In saying that, it does last much longer in the fridge than normal dressed salads. In a sealed container, it will last in the fridge for at least 4 days.



Green Couscous Salad

Ingredients – Serves 6-8 as a side salad

  • ½ cup no-salt chicken stock
  • 1 tsp sea salt flakes
  • 1½ cups of instant or quick cooking couscous
  • ½ large brown onion, sliced
  • 3 tbs lemon juice
  • 3 spring onions, white and green parts sliced
  • 3 tbs extra virgin olive oil
  • 2 tbs finely chopped mint
  • 2 tbs finely chopped dill
  • 2 tbs finely chopped parsley
  • 1/3 cup of crumbled or cubed feta
  • Freshly cracked black pepper to season
  • 2 tbs pine nuts
  • ¼ cup shelled pistachios, roughly chopped. Plus a few extra for garnish



  1. In a small saucepan, place the stock and salt with 1 cup of water. Bring to the boil.
  2. Place the couscous in a large mixing bowl. When the stock and water boils, pour it over the couscous then immediately cover it tightly. Leave undisturbed for 10 minutes.
  3. While the couscous is cooking, heat a small amount of olive oil in a frying pan and cook the onions on medium heat, until parts of them start to turn a dark, almost black colour.
  4. When 10 minutes has elapsed, remove the lid from the couscous and fluff it up with a spoon or fork.  While it is still warm, stir through the lemon juice and the extra virgin olive oil.
  5. Add both the cooked and spring onions, herbs and feta to the couscous and mix through well. Season with freshly cracked black pepper and extra salt if needed. The nuts can be stirred through now or just as you are about to serve if convenient.
  6. Garnish with extra pistachio nuts. Excellent served with barbecued meats or seafood.


couscous salad



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Hi! I’m Taryn. The Wooden Spoons is a food blog and collection of wooden spoons, recipes and stories. I’m a Canberra fan-girl with a passion for all things food. I love South East Asian food, fusion food done well and slow cooked anything. I don’t get quinoa, have a mild phobia of milk touching my skin and custard from a package freaks me out. Thanks for joining me on my cooking and food adventures.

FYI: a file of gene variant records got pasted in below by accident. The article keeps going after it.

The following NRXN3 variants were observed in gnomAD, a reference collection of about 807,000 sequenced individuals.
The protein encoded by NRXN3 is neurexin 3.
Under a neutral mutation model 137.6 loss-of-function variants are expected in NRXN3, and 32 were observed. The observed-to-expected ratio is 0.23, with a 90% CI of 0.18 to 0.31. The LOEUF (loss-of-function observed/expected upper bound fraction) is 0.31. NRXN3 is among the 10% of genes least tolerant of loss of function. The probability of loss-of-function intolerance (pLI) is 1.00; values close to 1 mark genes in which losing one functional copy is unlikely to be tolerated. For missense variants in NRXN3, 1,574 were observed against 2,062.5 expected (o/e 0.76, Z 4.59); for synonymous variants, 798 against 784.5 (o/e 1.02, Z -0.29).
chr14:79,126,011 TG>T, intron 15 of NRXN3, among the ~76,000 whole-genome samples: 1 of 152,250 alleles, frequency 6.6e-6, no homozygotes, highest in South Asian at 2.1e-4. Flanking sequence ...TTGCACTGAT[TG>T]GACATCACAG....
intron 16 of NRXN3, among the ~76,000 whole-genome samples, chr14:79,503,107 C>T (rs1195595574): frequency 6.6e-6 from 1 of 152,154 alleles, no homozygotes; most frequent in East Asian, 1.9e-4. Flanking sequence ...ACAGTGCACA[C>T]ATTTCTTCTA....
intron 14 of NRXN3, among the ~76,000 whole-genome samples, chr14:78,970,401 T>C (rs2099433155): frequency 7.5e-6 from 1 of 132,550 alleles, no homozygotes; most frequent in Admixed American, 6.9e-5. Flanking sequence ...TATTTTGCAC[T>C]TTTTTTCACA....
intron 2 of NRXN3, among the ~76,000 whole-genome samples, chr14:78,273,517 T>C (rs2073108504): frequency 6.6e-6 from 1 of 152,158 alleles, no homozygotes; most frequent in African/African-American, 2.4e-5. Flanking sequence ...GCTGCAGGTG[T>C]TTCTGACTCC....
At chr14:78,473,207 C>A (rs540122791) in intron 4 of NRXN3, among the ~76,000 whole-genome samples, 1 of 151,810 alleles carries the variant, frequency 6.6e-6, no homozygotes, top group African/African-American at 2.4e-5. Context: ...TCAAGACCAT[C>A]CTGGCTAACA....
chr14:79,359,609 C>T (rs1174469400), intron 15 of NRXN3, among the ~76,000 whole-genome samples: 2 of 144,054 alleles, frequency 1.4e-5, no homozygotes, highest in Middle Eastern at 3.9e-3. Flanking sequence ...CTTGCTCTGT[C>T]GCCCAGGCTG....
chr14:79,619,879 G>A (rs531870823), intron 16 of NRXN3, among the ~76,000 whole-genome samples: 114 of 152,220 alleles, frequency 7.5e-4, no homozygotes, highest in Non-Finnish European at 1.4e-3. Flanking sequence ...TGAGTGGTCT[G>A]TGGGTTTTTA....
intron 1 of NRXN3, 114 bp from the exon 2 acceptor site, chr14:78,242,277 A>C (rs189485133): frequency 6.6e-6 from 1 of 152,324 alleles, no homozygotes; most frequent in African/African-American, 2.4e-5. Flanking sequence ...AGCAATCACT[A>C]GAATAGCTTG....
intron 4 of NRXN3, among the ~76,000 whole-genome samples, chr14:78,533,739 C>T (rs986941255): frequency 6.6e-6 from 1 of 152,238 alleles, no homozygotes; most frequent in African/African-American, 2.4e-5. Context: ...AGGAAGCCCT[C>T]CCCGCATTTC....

1. Elsie Reply

    Thanks for the quick reply. I know Meidi-Ya, next time I go back there, I’ll check. But I did not know Cold Storage. Thanks for the tips. I am relatively new here. My homesickness does not go away but I am feeling a little better lately since I am now allowed to stay in Singapore as a dependant. We had to rush our wedding in order for me to stay. And I found a job, so hopefully, I will not be as bored anymore. Now, I have to try your recipe, it’s seems so good! Take care.

  2. Elsie Reply


    Hope you found a job by now. I am also an expat suffering from home sickness and boredom! I hope you feel better.

    I tried to find couscous here in Singapore and except for a huge box at Mustafa and a ridiculously small organic package from Fair Price, I could not find couscous. Can you please tell me other places where I might find it? We love couscous and miss this so much.


    • Taryn Reply

      Thanks for commenting Elsie. I’ve seen it at most Cold Storages and I even ended up finding the larger pearl couscous at Meidi-Ya grocery store, which is in Liang Court at Clarke Quay. I hope your homesickness lessens. I do know how you feel and I hope it gets better for you as it did for me.